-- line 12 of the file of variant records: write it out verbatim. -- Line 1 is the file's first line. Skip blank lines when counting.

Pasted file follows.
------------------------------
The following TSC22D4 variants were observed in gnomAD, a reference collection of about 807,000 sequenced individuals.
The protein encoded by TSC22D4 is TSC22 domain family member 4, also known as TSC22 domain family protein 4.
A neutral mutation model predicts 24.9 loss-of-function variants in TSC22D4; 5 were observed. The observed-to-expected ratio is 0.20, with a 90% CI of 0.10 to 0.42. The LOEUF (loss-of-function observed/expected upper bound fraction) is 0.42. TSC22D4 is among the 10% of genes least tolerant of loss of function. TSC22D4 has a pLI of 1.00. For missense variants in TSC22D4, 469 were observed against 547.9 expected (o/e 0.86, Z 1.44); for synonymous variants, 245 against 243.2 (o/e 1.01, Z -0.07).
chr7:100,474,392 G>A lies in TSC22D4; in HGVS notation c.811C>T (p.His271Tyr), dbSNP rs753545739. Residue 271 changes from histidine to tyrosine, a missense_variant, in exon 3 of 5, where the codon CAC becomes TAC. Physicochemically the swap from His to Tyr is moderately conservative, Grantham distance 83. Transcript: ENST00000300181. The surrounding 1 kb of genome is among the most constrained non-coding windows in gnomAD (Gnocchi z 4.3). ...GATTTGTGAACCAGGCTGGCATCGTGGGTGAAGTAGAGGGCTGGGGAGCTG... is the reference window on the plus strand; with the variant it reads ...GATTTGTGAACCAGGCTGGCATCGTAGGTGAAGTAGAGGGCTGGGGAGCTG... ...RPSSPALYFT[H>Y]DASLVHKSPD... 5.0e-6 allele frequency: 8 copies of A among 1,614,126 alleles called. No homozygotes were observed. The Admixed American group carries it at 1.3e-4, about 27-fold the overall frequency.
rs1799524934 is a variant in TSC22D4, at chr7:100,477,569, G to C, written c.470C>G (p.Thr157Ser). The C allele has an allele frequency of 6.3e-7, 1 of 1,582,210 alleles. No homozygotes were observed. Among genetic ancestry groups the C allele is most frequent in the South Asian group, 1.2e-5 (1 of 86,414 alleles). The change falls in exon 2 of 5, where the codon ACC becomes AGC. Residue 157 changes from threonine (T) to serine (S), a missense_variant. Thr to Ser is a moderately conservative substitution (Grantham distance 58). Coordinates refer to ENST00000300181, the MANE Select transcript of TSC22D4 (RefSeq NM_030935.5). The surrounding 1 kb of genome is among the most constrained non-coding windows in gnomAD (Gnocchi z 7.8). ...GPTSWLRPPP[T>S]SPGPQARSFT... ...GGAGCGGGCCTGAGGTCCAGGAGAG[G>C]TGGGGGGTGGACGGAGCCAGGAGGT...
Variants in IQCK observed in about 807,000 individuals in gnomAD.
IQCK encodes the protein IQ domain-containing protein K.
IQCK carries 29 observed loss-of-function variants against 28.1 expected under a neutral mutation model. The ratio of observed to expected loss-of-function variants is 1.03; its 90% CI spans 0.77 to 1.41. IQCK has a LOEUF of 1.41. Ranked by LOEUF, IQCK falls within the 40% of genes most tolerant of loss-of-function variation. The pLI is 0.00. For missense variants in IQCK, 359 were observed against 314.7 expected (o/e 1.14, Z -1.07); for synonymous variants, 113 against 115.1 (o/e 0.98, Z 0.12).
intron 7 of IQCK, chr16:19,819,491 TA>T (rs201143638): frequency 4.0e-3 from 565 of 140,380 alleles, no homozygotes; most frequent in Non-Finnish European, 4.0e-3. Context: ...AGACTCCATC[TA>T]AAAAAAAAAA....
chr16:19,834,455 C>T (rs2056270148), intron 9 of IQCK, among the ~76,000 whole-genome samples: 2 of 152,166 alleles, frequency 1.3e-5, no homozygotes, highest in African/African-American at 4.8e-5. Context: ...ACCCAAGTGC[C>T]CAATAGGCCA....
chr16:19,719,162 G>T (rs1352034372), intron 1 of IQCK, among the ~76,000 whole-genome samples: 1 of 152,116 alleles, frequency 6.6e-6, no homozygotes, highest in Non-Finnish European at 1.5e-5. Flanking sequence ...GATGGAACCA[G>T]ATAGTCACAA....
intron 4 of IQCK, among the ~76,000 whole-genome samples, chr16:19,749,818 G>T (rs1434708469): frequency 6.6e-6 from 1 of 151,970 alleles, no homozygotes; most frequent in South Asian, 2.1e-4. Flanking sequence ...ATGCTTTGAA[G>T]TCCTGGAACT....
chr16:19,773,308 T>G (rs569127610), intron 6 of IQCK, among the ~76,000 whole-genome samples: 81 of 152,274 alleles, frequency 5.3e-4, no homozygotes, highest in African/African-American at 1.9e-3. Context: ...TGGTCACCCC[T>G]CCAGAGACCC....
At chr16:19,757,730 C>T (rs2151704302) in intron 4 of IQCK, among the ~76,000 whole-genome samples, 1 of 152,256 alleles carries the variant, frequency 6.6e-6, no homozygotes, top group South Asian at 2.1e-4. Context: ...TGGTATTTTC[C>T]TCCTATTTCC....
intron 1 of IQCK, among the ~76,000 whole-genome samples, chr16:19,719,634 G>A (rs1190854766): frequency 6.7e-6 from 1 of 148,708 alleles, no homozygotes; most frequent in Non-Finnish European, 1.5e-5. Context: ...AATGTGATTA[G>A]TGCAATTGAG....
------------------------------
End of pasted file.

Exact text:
intron 4 of IQCK, among the ~76,000 whole-genome samples, chr16:19,749,818 G>T (rs1434708469): frequency 6.6e-6 from 1 of 151,970 alleles, no homozygotes; most frequent in South Asian, 2.1e-4. Flanking sequence ...ATGCTTTGAA[G>T]TCCTGGAACT....